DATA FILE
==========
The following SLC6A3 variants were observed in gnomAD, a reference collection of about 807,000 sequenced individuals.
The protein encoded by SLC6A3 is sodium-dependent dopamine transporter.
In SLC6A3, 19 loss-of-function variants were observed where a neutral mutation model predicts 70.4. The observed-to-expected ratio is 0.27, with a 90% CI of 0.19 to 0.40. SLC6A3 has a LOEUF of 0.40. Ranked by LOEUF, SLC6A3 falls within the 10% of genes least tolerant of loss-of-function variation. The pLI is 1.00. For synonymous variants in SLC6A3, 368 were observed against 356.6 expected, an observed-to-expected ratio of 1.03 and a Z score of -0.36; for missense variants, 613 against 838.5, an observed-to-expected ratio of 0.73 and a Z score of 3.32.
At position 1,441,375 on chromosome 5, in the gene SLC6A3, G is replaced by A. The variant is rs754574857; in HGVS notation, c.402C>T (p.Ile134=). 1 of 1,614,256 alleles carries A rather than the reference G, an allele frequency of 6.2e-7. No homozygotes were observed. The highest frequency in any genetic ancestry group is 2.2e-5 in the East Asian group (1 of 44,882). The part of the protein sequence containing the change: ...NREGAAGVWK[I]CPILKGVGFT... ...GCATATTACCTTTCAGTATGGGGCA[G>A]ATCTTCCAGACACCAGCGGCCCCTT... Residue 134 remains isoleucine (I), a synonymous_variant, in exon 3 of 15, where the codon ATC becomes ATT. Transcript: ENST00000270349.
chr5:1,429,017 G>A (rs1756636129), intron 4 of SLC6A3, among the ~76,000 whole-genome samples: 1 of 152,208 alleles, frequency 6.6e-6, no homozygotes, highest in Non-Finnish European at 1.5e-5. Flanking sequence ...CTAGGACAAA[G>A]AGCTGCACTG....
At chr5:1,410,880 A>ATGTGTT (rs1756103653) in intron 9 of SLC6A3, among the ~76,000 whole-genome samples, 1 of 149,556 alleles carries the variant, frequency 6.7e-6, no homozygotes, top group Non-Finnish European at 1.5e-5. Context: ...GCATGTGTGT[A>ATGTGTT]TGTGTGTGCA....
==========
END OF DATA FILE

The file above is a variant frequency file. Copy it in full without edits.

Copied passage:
The following SLC6A3 variants were observed in gnomAD, a reference collection of about 807,000 sequenced individuals.
The protein encoded by SLC6A3 is sodium-dependent dopamine transporter.
In SLC6A3, 19 loss-of-function variants were observed where a neutral mutation model predicts 70.4. The observed-to-expected ratio is 0.27, with a 90% CI of 0.19 to 0.40. SLC6A3 has a LOEUF of 0.40. Ranked by LOEUF, SLC6A3 falls within the 10% of genes least tolerant of loss-of-function variation. The pLI is 1.00. For synonymous variants in SLC6A3, 368 were observed against 356.6 expected, an observed-to-expected ratio of 1.03 and a Z score of -0.36; for missense variants, 613 against 838.5, an observed-to-expected ratio of 0.73 and a Z score of 3.32.
At position 1,441,375 on chromosome 5, in the gene SLC6A3, G is replaced by A. The variant is rs754574857; in HGVS notation, c.402C>T (p.Ile134=). 1 of 1,614,256 alleles carries A rather than the reference G, an allele frequency of 6.2e-7. No homozygotes were observed. The highest frequency in any genetic ancestry group is 2.2e-5 in the East Asian group (1 of 44,882). The part of the protein sequence containing the change: ...NREGAAGVWK[I]CPILKGVGFT... ...GCATATTACCTTTCAGTATGGGGCA[G>A]ATCTTCCAGACACCAGCGGCCCCTT... Residue 134 remains isoleucine (I), a synonymous_variant, in exon 3 of 15, where the codon ATC becomes ATT. Transcript: ENST00000270349.
chr5:1,429,017 G>A (rs1756636129), intron 4 of SLC6A3, among the ~76,000 whole-genome samples: 1 of 152,208 alleles, frequency 6.6e-6, no homozygotes, highest in Non-Finnish European at 1.5e-5. Flanking sequence ...CTAGGACAAA[G>A]AGCTGCACTG....
At chr5:1,410,880 A>ATGTGTT (rs1756103653) in intron 9 of SLC6A3, among the ~76,000 whole-genome samples, 1 of 149,556 alleles carries the variant, frequency 6.7e-6, no homozygotes, top group Non-Finnish European at 1.5e-5. Context: ...GCATGTGTGT[A>ATGTGTT]TGTGTGTGCA....